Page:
As you probably already know, there is a Uniform Election coming up this fall on Tuesday, November 3, 2020. In order to vote in the November 3 election in Texas, you must be registered to vote by October 5, 2020 and early voting begins October 12. Not sure if you’re already registered? Not sure how to get registered? Here are some resources to help get you registered to vote in Texas.
You can check to see if you are registered to vote at The Texas Secretary of State website. This site is nice if you’re unsure what address to which you are registered. It is important that you are registered at the correct address so that your ballot is accurate. If you have moved within your county, you will need to update your voting address online or contact your voter registrar.
If you are not registered to vote, there are various sites that can help you get registered in about 5 minutes. You can also register to vote directly through the Texas Secretary of State Voter Registration Application. You’ll fill out the application, print, sign, and mail it by October 5. According to votetexas.gov, this can be either the postmark date or the date the application is received in the office of the voter registrar. Better sooner than later.
In order to qualify to receive a mail-in ballot in Texas, registered voters must be outside of the county they are voting in through the entire election period, 65 years of age or older, must cite a disability or illness, or are confined in jail but still eligible to vote. However, the Texas election code’s definition for disability is broader than the federal one, and may grant eligibility to more voters. You can read up more on voting by mail in this helpful Texas Tribune article.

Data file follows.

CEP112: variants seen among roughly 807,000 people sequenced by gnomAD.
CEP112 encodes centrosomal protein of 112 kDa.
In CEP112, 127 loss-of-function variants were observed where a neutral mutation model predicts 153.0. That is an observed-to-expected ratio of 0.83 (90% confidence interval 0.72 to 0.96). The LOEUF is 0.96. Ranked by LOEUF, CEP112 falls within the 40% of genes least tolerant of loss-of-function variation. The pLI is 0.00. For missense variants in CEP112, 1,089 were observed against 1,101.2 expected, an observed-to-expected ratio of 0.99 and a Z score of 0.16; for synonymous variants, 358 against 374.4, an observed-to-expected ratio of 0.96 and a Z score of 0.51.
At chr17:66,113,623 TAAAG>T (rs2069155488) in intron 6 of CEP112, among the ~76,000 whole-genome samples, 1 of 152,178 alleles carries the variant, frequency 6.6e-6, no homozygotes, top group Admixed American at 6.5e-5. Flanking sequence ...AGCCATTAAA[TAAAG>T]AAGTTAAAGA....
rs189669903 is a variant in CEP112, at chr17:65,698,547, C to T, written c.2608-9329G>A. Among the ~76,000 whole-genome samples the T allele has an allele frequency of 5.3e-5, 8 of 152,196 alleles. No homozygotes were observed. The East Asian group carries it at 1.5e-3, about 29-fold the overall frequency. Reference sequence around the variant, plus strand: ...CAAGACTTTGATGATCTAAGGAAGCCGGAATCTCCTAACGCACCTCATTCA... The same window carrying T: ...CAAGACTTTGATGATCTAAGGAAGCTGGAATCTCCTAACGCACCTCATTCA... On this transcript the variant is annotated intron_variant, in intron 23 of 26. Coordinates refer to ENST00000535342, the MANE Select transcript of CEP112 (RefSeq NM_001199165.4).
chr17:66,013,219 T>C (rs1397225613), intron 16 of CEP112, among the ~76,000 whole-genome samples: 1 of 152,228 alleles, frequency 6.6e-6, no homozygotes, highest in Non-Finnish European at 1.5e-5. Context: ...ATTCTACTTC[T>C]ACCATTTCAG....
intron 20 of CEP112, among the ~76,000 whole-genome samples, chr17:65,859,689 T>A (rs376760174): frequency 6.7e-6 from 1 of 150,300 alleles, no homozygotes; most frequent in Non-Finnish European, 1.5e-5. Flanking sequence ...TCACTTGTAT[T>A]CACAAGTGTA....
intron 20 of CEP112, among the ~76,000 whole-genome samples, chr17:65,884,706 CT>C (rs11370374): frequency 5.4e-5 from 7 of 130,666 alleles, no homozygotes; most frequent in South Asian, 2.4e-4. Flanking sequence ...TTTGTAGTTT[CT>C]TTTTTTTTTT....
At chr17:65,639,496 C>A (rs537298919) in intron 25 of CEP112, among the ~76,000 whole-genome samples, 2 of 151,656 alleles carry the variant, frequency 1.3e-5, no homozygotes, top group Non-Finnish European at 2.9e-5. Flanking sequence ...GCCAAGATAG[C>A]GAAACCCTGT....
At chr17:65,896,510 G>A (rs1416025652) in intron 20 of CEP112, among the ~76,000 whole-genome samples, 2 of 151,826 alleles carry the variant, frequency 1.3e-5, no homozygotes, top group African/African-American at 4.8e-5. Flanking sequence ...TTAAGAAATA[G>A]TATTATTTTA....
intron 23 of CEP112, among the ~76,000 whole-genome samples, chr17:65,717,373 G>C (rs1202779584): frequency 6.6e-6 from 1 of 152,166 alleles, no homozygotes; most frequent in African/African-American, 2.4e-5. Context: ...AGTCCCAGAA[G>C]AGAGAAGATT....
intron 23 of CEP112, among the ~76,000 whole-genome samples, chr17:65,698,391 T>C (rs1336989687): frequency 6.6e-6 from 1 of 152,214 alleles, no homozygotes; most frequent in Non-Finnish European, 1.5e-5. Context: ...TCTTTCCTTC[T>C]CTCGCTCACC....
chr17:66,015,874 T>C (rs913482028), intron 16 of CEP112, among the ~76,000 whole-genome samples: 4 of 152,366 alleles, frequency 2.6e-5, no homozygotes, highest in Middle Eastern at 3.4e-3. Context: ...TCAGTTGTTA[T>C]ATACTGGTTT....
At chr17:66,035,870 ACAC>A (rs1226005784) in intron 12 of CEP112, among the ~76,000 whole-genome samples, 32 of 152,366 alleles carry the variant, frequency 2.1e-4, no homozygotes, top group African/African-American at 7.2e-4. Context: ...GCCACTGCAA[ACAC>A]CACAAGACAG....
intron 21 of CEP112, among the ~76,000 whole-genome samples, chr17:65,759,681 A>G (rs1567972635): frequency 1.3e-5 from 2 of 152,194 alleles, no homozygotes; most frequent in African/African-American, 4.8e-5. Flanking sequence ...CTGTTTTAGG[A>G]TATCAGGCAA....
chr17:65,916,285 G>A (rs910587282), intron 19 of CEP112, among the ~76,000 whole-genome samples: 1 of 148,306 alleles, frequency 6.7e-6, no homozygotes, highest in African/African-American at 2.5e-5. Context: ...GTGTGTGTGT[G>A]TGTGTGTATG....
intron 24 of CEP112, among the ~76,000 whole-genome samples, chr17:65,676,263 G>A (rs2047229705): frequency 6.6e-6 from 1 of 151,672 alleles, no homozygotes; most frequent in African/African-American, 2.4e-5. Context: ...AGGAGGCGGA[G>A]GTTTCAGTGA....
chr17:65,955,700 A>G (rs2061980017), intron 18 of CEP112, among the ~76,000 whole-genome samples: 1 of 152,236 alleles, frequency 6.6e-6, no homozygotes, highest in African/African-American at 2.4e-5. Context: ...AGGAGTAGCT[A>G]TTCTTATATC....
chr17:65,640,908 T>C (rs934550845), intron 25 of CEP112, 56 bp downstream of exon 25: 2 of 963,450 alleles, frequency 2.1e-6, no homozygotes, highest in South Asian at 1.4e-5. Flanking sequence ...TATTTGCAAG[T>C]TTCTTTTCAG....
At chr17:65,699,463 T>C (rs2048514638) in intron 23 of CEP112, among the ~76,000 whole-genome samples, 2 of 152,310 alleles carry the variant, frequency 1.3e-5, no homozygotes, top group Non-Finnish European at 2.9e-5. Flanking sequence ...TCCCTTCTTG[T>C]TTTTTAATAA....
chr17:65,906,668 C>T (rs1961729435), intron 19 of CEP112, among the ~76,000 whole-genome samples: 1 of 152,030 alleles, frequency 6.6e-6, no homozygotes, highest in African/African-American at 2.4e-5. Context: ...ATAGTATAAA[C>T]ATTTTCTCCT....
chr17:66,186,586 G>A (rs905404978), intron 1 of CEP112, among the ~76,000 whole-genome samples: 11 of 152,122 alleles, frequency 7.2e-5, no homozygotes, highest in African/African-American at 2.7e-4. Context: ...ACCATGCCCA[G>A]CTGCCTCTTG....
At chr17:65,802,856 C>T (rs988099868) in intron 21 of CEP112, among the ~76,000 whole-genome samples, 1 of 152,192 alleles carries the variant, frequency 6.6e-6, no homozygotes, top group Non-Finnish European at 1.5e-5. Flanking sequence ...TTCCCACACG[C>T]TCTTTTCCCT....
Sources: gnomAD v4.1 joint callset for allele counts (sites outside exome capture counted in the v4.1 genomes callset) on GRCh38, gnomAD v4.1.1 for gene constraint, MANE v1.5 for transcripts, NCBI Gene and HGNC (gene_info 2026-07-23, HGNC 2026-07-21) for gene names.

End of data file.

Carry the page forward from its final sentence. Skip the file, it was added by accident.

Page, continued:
A good resource to check your polling place and see your ballot is VOTE411. Simply visit the website, enter your address and it will give you a sample ballot with candidate and polling location information. This way, you know your polling location and what you’re voting for beforehand. The only thing you need when you go to the polls is some form of ID or your voter certificate. COVID is still a risk, so don’t forget to wear your mask and social distance when you visit the polls! You can see tips about staying safe regarding COVID at Healthy Voting.
If you are looking to vote outside of Texas, make note that each state has slightly different procedures and early voting dates. Sites such as VOTE 411 and vote.org have information about all US states. Most questions about ID, voting locations, and anything else about voting in Texas can be answered at votetexas.gov’s FAQ section. Now that you’ve taken these steps, you’re all ready to get registered and cast your ballot!
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